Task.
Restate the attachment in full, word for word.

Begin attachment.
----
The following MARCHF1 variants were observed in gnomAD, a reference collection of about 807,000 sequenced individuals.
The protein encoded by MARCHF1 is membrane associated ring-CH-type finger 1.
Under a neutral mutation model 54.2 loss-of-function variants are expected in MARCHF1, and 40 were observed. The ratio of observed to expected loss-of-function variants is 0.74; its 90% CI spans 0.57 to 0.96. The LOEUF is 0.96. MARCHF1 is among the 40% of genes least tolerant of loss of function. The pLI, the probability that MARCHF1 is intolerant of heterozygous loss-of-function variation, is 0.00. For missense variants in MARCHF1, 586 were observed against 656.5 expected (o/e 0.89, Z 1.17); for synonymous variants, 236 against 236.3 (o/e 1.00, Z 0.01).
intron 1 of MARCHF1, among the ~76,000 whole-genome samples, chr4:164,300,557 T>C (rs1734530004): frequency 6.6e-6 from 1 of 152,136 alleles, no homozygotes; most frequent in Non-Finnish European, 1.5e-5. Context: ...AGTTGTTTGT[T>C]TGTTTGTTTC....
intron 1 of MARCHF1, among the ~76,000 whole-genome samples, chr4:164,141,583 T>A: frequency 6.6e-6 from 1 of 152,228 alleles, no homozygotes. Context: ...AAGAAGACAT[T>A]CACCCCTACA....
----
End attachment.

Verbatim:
The following MARCHF1 variants were observed in gnomAD, a reference collection of about 807,000 sequenced individuals.
The protein encoded by MARCHF1 is membrane associated ring-CH-type finger 1.
Under a neutral mutation model 54.2 loss-of-function variants are expected in MARCHF1, and 40 were observed. The ratio of observed to expected loss-of-function variants is 0.74; its 90% CI spans 0.57 to 0.96. The LOEUF is 0.96. MARCHF1 is among the 40% of genes least tolerant of loss of function. The pLI, the probability that MARCHF1 is intolerant of heterozygous loss-of-function variation, is 0.00. For missense variants in MARCHF1, 586 were observed against 656.5 expected (o/e 0.89, Z 1.17); for synonymous variants, 236 against 236.3 (o/e 1.00, Z 0.01).
intron 1 of MARCHF1, among the ~76,000 whole-genome samples, chr4:164,300,557 T>C (rs1734530004): frequency 6.6e-6 from 1 of 152,136 alleles, no homozygotes; most frequent in Non-Finnish European, 1.5e-5. Context: ...AGTTGTTTGT[T>C]TGTTTGTTTC....
intron 1 of MARCHF1, among the ~76,000 whole-genome samples, chr4:164,141,583 T>A: frequency 6.6e-6 from 1 of 152,228 alleles, no homozygotes. Context: ...AAGAAGACAT[T>A]CACCCCTACA....